Homecoming includes carefully shot rehearsal scenes with Beyoncé in Adidas and Ivy Park clothing, which shows that their forthcoming brand partnership has been a long time in the making, at least a year before it was revealed to the public, and was carefully integrated into the documentary in anticipation of the brand partnership announcement.
LESSON: The internet, and social media in particular, means brands are faced with an unprecedented amount of speculation and criticism. While it’s important to clear up any crises or miscommunications, keeping consumers guessing is more important than ever when it comes to staying relevant and generating interest year after year in an otherwise saturated and relatively disposable market.
3. Keep improving
Beyonce’s documentary gave us an insight into how involved she was in her whole Coachella performance, from the concept to the very last song. She had three separate sound stages: one for musicians, one for dancers and one for her creative team to manage the overall production and would visit each of them every day for run throughs. There were four months of rehearsals with the band, followed by four months of dance rehearsals. Every session was reviewed, with notes provided to be applied for the next rehearsal. She insisted that the whole crew knew the show inside out, back to front, leaving little margin for error when it came to the final performances.
LESSON: Always aim to improve your offering. Look at what doesn’t work or could work better and adapt. Could engagement on your social media channels be higher? Has a competitor cropped up? Have our brand goals changed? Looking at your brand or campaign from all angles is essential to stay ahead of the curve.
4. Stay authentic
Beyoncé spoke about how she wanted everyone that had never seen themselves represented to feel like they were on stage with her and her crew. As the first African-American woman to headline the festival, she wanted to create something that she and her fans would be proud of. She was making a statement.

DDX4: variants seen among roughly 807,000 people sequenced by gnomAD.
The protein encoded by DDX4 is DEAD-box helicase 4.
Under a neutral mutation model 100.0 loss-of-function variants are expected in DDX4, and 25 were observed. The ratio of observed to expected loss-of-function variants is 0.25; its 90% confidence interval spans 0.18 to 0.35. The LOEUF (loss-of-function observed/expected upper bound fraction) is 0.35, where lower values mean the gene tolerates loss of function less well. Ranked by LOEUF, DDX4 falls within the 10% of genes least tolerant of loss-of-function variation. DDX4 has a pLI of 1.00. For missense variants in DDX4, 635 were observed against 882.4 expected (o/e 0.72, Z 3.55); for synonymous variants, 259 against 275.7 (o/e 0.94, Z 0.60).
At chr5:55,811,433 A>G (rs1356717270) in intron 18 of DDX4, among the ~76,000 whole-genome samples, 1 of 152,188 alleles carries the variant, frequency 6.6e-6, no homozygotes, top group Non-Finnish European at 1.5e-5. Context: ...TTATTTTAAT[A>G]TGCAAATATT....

“When I decided to do Coachella, instead of bringing out my flower crown, it was more important that I brought our culture to Coachella.”
On top of that, the release of this documentary allowed a rare insight into Beyoncé’s personal life, showing her first days back to work after giving birth to twins, her struggle to balance work and home life, and the frustrations she felt along the way. This allowed fans to see a human side to the powerhouse performer and to remind everyone that behind this iconic performance was hard work and sacrifice. In the same way that Beyoncé explained that she respects and values things that are built from the ground up, she wanted to reflect that in her own performances.
LESSON: Don’t just do what you think consumers like and want at the minute. That will change in a month, and again the next month. Authenticity can sometimes seem like a meaningless buzzword, but it’s important to keep your own style and tone of voice and to carve out a niche for your brand: your vibe will attract your tribe.
The social traction Beyoncé has gained the Adidas brand also shows that the right influencer or collaborator can change the game entirely, so long as they’re aspirational yet representative of your core audience, and can appear authentic in their partnership with you. If you see Beyoncé and her dancers rehearsing in Adidas trainers, they must be the best… right?